Hillary Clinton wore a black breathing mask imprinted with the word “VOTE” in Twitter and Instagram posts this weekend, posing in what appeared as a homespun effort to pitch “the must-have accessory for spring.” The posts bear an unassuming hashtag: #MaskingForAFriend.

But behind this hashtag and those fun posts — as well as similar ones by celebrities like Arnold Schwarzenegger — are a group of tech billionaires trying to answer a weighty, almost existential question: How can we make sure a devastating pandemic never happens again?

That’s one of the main focuses for a group formed by major tech philanthropists including Bill Gates and Eric Schmidt, who are behind a new push to cajole overseas governments to more fully fund international institutions like the World Health Organization (WHO). The group, called the Pandemic Action Network, is behind the #MaskingForAFriend campaign that seeks to change personal behavior. But its more important ambition is to change government behavior.

This initiative is one of the more forward-looking attempts from philanthropy to shape what the world looks like after the crisis, and one of the few focused on political advocacy.

The push is small for now, with just $1.5 million in initial cash from Schmidt Futures, the Bill & Melinda Gates Foundation, and other backers. But the Pandemic Action Network aims to lead a pressure campaign that shapes the policy debate, a debate that will be at the fore of the next wave of pandemic response efforts.

Gabrielle Fitzgerald, who led program advocacy at the Gates Foundation for a decade and then a $100 million push by billionaire Paul Allen to combat Ebola, can recall many times when international institutions issued reports sounding the alarm — then languished with inadequate follow-up — or made bold promises that they wouldn’t meet. For instance, after the Ebola crisis, the WHO in 2015 set out to raise a $100 million contingency fund for emergency response but has only raised about $46 million to date.

Filling that funding gap is one of the things that Fitzgerald, now the Pandemic Action Network’s co-founder, would have pushed for.

Other causes that Fitzgerald’s new group might take up include pressuring foreign governments to fund the Gates-founded Coalition for Epidemic Preparedness Innovations, which develops vaccines, along with possible companion efforts in the future that seek to develop therapeutics. They may also look domestically, advocating, for instance, for more US resources in America’s Strategic National Stockpile.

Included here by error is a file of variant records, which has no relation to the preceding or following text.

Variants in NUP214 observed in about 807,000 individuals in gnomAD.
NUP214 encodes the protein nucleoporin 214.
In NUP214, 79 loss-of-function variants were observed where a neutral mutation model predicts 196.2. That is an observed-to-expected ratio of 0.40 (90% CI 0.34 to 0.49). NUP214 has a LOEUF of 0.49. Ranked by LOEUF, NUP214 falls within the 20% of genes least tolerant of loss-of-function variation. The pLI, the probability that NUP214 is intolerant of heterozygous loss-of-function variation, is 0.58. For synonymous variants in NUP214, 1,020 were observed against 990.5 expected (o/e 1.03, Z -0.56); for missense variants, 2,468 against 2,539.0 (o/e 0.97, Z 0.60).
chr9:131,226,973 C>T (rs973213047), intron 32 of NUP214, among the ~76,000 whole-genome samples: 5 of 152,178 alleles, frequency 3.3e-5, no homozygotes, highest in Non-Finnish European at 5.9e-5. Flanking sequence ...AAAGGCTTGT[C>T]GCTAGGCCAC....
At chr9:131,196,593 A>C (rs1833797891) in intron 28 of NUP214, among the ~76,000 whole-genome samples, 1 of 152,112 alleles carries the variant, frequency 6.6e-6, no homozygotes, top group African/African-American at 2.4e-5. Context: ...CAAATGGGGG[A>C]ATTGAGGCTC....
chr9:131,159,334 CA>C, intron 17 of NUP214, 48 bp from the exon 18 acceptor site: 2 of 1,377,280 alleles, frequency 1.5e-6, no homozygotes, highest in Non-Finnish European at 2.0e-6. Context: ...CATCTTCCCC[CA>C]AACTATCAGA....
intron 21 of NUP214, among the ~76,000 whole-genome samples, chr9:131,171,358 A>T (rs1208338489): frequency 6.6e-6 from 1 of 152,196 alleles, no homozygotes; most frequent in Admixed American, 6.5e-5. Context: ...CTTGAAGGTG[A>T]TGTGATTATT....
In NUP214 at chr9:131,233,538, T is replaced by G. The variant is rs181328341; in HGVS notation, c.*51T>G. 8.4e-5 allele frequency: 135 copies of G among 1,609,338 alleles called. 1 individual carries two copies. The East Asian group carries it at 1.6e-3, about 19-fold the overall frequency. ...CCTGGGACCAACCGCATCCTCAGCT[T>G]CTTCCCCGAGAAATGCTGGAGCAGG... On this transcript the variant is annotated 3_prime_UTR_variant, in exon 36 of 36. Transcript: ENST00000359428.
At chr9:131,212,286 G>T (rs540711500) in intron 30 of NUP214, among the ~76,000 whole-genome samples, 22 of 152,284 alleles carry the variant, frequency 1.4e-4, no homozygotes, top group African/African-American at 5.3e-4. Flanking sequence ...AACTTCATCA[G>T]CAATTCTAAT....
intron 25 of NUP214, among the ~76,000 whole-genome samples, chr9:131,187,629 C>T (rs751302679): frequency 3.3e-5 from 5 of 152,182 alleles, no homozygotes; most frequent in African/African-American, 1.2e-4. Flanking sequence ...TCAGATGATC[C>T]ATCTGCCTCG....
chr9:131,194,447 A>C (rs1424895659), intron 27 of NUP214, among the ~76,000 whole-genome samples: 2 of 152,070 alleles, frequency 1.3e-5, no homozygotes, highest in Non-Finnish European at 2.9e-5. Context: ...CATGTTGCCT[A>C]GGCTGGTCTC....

“There’s a lot of talk of ‘this can’t happen again.’ But right now, all of the focus is on the response,” Fitzgerald said. “At some point very soon, we need to start looking ahead beyond the immediate crisis and start thinking about what mechanisms need to be put in place to make sure it doesn’t happen.”

Despite the death toll posed by a global pandemic, the wealthy have largely under-funded work meant to gird the world for a deadly outbreak. This research area, sometimes called “biosecurity,” has been a priority for just a few major philanthropies, like Gates and the Open Philanthropy Project, funded by Facebook co-founder Dustin Moskovitz. Moskovitz has said he is thinking about the world after the coronavirus, too, and that he worries an “engineered pandemic” in the future could be even worse than the coronavirus.

“We don’t think it’s too early to start thinking about how to prevent something like this — or worse — from happening again,” Moskovitz tweeted last week. “Reducing the likelihood of such an outcome is one of the most critical projects philanthropy and government can undertake, which is why even today, in the midst of COVID-19, our biosecurity program has a lot of its energy focused on looking ahead.”

The hope and expectation is that more donors will join Moskovitz in spending big on pandemic preparedness work once we’re through this. But that’s not the only uphill battle for the Pandemic Action Network. It doesn’t only need philanthropists to prioritize pandemics, but also to prioritize advocacy efforts, which some philanthropists remain uncomfortable with. Some don’t see the upside in getting too political. Others worry it could endanger their tax-exempt status if it is seen as formal lobbying.

And so a bunch of rich people funding their own pandemic preparedness programs out of their own pocket? That’s not the world Fitzgerald is pushing for.

“If you want large-scale, system-wide policy change that’s going to be able to affect more than what you can afford to fund yourself, advocacy is a really good investment,” she said. “This is definitely an example of something that no one funder can do alone, even the biggest governments.”

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